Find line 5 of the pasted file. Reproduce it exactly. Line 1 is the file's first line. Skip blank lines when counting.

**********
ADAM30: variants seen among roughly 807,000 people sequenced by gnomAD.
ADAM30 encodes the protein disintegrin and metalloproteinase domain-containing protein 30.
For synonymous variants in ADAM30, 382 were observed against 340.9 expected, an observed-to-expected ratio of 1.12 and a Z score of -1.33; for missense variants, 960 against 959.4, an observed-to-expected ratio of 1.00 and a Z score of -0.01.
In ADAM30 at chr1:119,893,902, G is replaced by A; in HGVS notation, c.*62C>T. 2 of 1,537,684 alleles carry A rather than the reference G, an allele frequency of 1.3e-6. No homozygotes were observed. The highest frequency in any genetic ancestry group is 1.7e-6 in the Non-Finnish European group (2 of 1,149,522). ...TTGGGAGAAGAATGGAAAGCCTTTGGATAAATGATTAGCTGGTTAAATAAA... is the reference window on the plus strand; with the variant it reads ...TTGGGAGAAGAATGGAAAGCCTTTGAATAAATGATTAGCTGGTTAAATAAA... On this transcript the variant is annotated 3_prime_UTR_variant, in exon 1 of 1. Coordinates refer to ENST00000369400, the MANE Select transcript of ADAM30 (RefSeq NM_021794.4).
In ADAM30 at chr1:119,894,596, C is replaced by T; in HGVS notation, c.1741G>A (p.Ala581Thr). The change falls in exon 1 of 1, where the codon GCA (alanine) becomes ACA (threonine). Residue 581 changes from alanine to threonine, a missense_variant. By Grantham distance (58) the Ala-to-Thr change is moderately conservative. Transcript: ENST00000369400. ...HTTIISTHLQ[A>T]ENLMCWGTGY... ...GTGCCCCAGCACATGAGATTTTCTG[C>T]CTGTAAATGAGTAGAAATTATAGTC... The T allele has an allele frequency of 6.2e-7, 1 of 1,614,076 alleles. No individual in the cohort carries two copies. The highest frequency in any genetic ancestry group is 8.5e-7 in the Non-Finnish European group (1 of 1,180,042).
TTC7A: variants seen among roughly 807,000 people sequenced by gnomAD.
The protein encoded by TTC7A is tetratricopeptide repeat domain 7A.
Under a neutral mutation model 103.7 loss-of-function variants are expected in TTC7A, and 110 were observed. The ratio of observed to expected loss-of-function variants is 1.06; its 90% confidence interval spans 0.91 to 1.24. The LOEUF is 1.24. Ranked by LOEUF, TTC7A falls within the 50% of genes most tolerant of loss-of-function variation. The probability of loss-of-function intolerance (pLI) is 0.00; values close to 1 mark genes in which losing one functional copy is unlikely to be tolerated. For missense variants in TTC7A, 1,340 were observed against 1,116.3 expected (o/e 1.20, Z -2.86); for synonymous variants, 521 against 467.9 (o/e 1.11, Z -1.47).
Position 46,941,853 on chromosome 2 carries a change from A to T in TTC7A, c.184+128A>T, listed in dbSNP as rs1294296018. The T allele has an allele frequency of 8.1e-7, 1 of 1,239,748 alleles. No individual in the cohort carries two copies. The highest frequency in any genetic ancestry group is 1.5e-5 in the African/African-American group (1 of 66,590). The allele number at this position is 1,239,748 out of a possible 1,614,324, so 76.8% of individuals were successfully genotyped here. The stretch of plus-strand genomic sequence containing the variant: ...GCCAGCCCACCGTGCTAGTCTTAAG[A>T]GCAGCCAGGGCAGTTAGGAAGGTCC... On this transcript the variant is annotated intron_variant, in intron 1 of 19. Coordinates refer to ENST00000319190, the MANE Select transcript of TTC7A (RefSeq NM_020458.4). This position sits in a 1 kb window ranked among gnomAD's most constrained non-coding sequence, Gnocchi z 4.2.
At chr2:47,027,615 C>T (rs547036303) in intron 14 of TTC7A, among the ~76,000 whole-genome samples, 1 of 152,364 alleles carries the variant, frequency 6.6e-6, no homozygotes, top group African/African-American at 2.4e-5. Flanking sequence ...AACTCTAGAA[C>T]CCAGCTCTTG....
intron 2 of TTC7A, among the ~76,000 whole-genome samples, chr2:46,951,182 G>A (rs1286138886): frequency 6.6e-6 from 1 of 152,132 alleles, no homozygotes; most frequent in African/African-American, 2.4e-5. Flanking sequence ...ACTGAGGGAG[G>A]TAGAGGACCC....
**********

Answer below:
In ADAM30 at chr1:119,894,596, C is replaced by T; in HGVS notation, c.1741G>A (p.Ala581Thr). The change falls in exon 1 of 1, where the codon GCA (alanine) becomes ACA (threonine). Residue 581 changes from alanine to threonine, a missense_variant. By Grantham distance (58) the Ala-to-Thr change is moderately conservative. Transcript: ENST00000369400. ...HTTIISTHLQ[A>T]ENLMCWGTGY... ...GTGCCCCAGCACATGAGATTTTCTG[C>T]CTGTAAATGAGTAGAAATTATAGTC... The T allele has an allele frequency of 6.2e-7, 1 of 1,614,076 alleles. No individual in the cohort carries two copies. The highest frequency in any genetic ancestry group is 8.5e-7 in the Non-Finnish European group (1 of 1,180,042).